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Relevancy, Proof and Evaluation of Evidence in Criminal Cases

Relevancy, Proof and Evaluation of Evidence in Criminal Cases

  • ₹625.00

In Stock
  • Author(s): Justice U.L. Bhat
  • Brand: LexisNexis
  • Edition: 2 Ed 2020
  • ISBN 13 9789389991239
  • Approx. Pages 396 + Contents
  • Format Paperback
  • Approx. Product Size 24 x 16 cms
  • Delivery Time Normally 7-9 working days
  • Shipping Charge Extra (see Shopping Cart)

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Description
'Law of Evidence' more than any other branch of law is composed of rules built on useful expediency and the understanding of real litigation. It is closely linked with human nature and society. The premises on which many of the rules of evidence are constructed, and the procedures in which they are rooted, in large part are the result of the views of the original framers of the law about human psychology. It rests on the way how people make judgments and draw inferences from verbal and other reports about objects and events, and about the organization and operation of Courts. Mere reading of a treatise on a subject like the law of evidence does not give a comprehensive insight about the subtleties or the purpose of rules relating to relevancy, admissibility and generation of belief in the mind of the triers of the fact. Experience according to James FitzJames Stephan gives by degrees, in favourable cases, a comprehensive acquaintance with the principles of the law with which a practitioner is conversant. This book is the outcome of the deep understanding and knowledge of the author on the nuances of the law of evidence, which he gained as a lawyer, judge and educator. The topics are arranged in such a way that it would be easy for a practitioner to locate the exact point which is relevant in any given circumstance. The index and appendices are also arranged in such a fashion that the book would be a convenient handbook for lawyers, judges, and students of law. Apart from being a handy guide for the practitioner, the distinctiveness of this work is the treatment of the topics relating to evaluation of testimonial and documentary evidence, particularly shedding light on the question of proof, explicitly the generation of belief in the trier of the fact on facts which are pivotal to adjudication in a given case.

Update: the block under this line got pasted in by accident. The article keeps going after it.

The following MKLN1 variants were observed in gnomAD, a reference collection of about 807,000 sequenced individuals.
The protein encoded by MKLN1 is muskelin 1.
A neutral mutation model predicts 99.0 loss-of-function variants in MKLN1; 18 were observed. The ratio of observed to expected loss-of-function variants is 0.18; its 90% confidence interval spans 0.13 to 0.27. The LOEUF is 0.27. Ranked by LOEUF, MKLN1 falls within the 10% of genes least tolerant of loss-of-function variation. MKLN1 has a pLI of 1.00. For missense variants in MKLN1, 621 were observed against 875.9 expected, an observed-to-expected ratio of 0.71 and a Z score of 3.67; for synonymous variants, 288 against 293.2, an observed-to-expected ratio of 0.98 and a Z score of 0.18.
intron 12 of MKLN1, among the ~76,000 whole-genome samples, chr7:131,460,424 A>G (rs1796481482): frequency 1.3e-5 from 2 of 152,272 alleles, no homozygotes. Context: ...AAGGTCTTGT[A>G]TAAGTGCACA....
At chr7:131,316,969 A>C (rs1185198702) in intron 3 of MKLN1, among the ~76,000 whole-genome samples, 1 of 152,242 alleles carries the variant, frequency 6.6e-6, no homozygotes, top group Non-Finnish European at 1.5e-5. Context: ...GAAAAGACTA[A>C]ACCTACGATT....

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Contents
Chapter 1 :  Preliminary
Chapter 2 :  Facts and Relevancy of Facts
Chapter 3 :  Relevancy - General (Sections 6 To 16)
Chapter 4 :  Admissions (Sections 17 to 22A And 31)
Chapter 5 :  Confessions (Sections 24 to 26 and 28)
Chapter 6 :   Statements by Persons who cannot be Called as Witnesses (Section 32 & 33)
Chapter 7 :  Statements Made Under Special Circumstances
Chapter 8 :  Opinion (Sections 37 To 39)
Chapter 9 :  Judgments of Courts (Sections 40 to 44)
Chapter 10 : Opinions of Third Persons where Relevant?
Chapter 11 : Character
Chapter 12 :  Facts, which need not be Proved
Chapter 13 :  Oral Evidence
Chapter 14 :  Documentary Evidence and Proof of Contents of Documents (Section 61)
Chapter 15 :  Proof of Genuineness of Documents (Sections 67 to 73)
Chapter 16 :  Public Documents (Sections 74 to 78)
Chapter 17 :  Elementary Principles
Chapter 18 :  Types of Evidence
Chapter 19 :  Burden and Standard of Proof
Chapter 20 :  Certain Issues in Evaluation of Evidence
Chapter 21 :  Definition of "Provid" in Section 3
Chapter 22 :  Evaluation of Oral Testimony
Chapter 23 :  Witnesses
Chapter 24 :  Expert Evidence
Chapter 25 :  Evidence-Defences Viewpoint
Chapter 26 :  First Information Statement (FIS) and FIR
Chapter 27 :  Section 313 of Cr.P.C
Chapter 28 :  Motive
Chapter 29 :  Motive of Witnesses
Chapter 30 :  Dying Declaration
Chapter 31 :  Murder by Poisoning
Chapter 32 :  Confession
Chapter 33 :  Conclusion
Appendix I : New Investigative Strategies
Appendix II : The Indian Evidence Act, 1872
Subject Index
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Author Details
Justice U.L. Bhat, Former Chief Justice, Kerala High Court.
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................................................................................................................DescriptionThe law has not laid down any clear standard for the sufficiency of evidence to induce belief. Belief is rarely the consequence of a strictly logical process and sometimes the same evidence which to one may be convincing, to another may be absurd. But nevertheless the matter of believing is not left to the mere intuition of an individual judge for a judge in believing or disbelieving evidence acts on his reason in conformity with his knowledge, observations and experience which always furnish adequate grounds for believing or disbelieving evidence.Circumstances evidence is just like a rope made of many strands to stay together. The rope has strength more than sufficient to bear the stress laid upon it though no one of the filaments of which it is composed would be sufficient for thatpurpose..............................................................................

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